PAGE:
SOF and our allies will build rapport prior to open conflict. The language and cultural expertise in these regions help the troops facilitate stability and counter negative influence with and through local security forces. This will buy time to prevent conflict before it happens. The work in the shadows will be a long-term effort to build assets, provide force protection and gain valuable intelligence assets that can put U.S. forces in proactive rather than a reactive mode.
The Unconventional Warfare (UW) model is what SOF and the Special Forces groups have based their training around. UW operations are usually long-term and will carry on over years rather than months. Indigenous or proxy forces are organized, trained, equipped, supported, and directed by SOF elements.
UW includes Guerrilla Warfare and other direct offensive, low-visibility, covert, or clandestine operations. UW also includes the indirect activities of subversion, sabotage, intelligence collection, and Escape and Evasion (E&E).
To successfully conduct operations in these environments, the SOF teams have intelligence requirements to support the overall U.S. objectives in the area. This goes above the tactical level, so the SOF teams need to know how their tactical objectives tie-in with strategic goals. Therefore, they need not only target information on hostile forces but all-source processed information on:
• Military and paramilitary organizations
• Ethnic composition
• Religious factors
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The SOF teams can generate some of these intelligence requirements, in their area study guides, before deployment. And on others, the national intelligence agencies can keep the special operations units up to speed by doing what they’ve always done and by how they’d conducted operations in the past.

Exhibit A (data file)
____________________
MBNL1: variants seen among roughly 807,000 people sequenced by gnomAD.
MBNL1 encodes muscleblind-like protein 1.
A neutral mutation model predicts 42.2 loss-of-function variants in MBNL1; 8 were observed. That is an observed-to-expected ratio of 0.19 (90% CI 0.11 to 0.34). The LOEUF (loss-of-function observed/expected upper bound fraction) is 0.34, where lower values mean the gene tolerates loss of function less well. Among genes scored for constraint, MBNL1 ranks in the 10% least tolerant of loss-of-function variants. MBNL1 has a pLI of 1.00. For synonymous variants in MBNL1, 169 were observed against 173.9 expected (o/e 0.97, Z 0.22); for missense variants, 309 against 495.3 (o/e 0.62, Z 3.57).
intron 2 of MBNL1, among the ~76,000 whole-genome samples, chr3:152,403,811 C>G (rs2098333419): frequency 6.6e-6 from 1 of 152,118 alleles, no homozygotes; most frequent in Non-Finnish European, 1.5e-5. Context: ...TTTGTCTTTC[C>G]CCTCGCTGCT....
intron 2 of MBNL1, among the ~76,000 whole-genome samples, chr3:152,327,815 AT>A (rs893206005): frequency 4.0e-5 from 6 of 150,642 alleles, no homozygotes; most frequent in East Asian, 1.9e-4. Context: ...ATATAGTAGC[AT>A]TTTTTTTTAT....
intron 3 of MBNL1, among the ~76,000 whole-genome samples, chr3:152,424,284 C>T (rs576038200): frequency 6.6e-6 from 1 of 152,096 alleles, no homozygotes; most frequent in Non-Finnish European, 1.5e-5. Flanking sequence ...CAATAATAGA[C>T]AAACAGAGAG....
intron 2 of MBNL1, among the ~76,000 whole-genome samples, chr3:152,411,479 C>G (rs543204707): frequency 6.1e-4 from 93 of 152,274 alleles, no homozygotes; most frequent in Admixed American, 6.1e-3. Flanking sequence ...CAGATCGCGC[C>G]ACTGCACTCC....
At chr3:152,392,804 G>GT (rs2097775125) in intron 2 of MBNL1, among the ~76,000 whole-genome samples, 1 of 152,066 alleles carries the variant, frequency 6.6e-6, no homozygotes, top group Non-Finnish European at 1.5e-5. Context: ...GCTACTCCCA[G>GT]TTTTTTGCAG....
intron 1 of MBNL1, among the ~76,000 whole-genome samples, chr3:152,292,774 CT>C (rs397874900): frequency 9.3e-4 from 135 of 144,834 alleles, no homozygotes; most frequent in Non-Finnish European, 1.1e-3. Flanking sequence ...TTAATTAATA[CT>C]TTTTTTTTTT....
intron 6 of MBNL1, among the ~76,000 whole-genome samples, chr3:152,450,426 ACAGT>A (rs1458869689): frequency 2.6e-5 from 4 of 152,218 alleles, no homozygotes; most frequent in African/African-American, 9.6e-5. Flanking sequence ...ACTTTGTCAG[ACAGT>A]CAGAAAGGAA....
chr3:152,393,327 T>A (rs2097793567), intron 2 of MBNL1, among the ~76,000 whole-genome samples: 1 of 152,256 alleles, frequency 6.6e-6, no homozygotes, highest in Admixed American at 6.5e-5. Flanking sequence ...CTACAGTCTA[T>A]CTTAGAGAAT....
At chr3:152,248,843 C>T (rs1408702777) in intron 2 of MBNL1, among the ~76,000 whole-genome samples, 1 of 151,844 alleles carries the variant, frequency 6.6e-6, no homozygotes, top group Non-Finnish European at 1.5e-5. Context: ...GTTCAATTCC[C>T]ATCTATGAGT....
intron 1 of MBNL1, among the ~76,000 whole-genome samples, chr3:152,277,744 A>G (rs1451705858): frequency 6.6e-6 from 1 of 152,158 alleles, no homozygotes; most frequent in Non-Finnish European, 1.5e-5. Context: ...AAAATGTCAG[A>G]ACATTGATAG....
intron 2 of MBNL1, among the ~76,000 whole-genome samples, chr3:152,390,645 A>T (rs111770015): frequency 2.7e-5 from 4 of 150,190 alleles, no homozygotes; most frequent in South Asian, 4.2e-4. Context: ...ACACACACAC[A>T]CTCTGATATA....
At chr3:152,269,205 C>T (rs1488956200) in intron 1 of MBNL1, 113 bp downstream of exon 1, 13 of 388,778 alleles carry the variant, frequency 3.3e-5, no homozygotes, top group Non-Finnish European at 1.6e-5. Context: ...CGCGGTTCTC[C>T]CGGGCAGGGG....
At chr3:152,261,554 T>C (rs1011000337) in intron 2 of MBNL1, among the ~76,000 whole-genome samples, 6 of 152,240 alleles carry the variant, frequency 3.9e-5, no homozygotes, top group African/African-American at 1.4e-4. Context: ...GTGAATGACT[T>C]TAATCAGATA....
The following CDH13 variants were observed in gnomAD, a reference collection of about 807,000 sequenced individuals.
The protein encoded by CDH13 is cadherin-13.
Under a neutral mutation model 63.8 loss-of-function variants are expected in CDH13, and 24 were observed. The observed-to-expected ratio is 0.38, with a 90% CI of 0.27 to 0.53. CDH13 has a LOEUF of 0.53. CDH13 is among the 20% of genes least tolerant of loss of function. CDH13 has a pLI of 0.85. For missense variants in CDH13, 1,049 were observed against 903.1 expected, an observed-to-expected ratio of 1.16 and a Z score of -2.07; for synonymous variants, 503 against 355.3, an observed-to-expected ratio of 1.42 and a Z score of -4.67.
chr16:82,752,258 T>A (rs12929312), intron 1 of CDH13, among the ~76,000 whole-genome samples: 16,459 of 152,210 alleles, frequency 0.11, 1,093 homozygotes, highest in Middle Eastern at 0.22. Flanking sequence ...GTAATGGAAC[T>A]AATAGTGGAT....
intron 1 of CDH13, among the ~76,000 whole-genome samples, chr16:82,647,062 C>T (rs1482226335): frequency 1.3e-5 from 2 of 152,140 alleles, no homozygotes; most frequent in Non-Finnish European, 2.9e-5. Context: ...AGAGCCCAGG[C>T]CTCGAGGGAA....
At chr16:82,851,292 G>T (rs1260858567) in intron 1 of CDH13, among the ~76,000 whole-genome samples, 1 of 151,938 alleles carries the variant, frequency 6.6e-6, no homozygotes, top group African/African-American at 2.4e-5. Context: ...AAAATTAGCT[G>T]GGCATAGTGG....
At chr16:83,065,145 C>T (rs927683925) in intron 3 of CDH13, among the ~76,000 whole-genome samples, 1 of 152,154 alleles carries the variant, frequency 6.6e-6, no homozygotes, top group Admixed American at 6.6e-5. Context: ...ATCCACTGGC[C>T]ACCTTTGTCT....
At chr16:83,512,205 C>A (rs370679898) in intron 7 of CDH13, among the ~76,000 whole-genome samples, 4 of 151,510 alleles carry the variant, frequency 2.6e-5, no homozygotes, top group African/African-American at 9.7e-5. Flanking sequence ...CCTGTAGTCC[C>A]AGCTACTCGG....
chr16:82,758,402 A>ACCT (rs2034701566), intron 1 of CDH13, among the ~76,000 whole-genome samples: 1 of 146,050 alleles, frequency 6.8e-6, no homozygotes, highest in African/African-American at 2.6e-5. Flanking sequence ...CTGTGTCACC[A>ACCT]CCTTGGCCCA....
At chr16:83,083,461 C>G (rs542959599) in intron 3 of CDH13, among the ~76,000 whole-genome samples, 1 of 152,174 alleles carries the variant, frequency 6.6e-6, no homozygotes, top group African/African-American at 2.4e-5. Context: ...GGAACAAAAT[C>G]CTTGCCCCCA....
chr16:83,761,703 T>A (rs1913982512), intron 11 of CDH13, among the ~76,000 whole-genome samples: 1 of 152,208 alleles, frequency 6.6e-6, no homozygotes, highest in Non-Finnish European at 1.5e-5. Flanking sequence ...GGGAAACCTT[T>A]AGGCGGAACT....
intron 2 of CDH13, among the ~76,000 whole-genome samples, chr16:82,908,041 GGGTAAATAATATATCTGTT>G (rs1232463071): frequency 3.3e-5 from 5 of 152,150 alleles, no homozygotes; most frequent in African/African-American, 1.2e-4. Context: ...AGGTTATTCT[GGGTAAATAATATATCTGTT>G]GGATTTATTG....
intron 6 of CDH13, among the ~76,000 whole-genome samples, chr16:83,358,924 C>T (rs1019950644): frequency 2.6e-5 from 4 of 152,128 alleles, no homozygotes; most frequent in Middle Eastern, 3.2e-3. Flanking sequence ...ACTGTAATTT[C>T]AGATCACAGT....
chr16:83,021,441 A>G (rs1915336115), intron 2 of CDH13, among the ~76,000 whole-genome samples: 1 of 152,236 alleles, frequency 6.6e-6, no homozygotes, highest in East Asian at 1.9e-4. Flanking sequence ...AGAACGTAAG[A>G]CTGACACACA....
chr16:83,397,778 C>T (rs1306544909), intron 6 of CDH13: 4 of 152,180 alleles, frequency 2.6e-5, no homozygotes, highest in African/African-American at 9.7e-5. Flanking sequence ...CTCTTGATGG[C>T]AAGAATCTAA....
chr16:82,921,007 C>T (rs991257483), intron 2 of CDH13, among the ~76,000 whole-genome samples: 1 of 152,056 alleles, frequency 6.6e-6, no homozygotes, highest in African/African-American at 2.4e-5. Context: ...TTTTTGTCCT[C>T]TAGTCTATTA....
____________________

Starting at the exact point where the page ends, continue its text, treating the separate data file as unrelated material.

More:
For the deployed SOF units, force protection is an extremely important factor in the overall security of the mission. Here, local intelligence nets must be organized and resourced. They can be tailored to fit the mission and the operational area. This expertise has been used since the times of the teams of the Office of Strategic Services (OSS) in World War II. (The OSS was the forerunner of both the CIA and the U.S. Army Special Forces.)
Special Forces have exceptionally trained personnel and are very well versed in spotting, assessing, developing, and recruiting low-level sources for force protection requirements. These operations, in what the troops used to refer to as “long-hair ops” are extremely important in the force protection and early warning operational areas.
Close coordination with the CIA and other national and theater intelligence agencies may be required to identify potential in-country sources. This is important because the area doesn’t need “cross-pollination” or the duplication of effort and/or assets.
Because SOF operations will vary depending on the area and other factors, they require a wide range of support. This ties with the SOF Truths and specifically #5 “Most Special Operations require non-SOF Support.” This support includes everything from basic logistical support to very sophisticated intelligence. All-source intelligence is essential regardless of the mission.
Special Operations Forces will continue to meet the mission requirements as tasked by the National Command Authority and sub-tasked through USSOCOM (United States Special Operations Command) or JSOC (Joint Special Operations Command). And the intelligence required for these operations will increase as time goes on. Commanders need every available scrap of information that can be used for mission accomplishment. And in doing so, they will dust off those Cold War operational plans for many of these activities.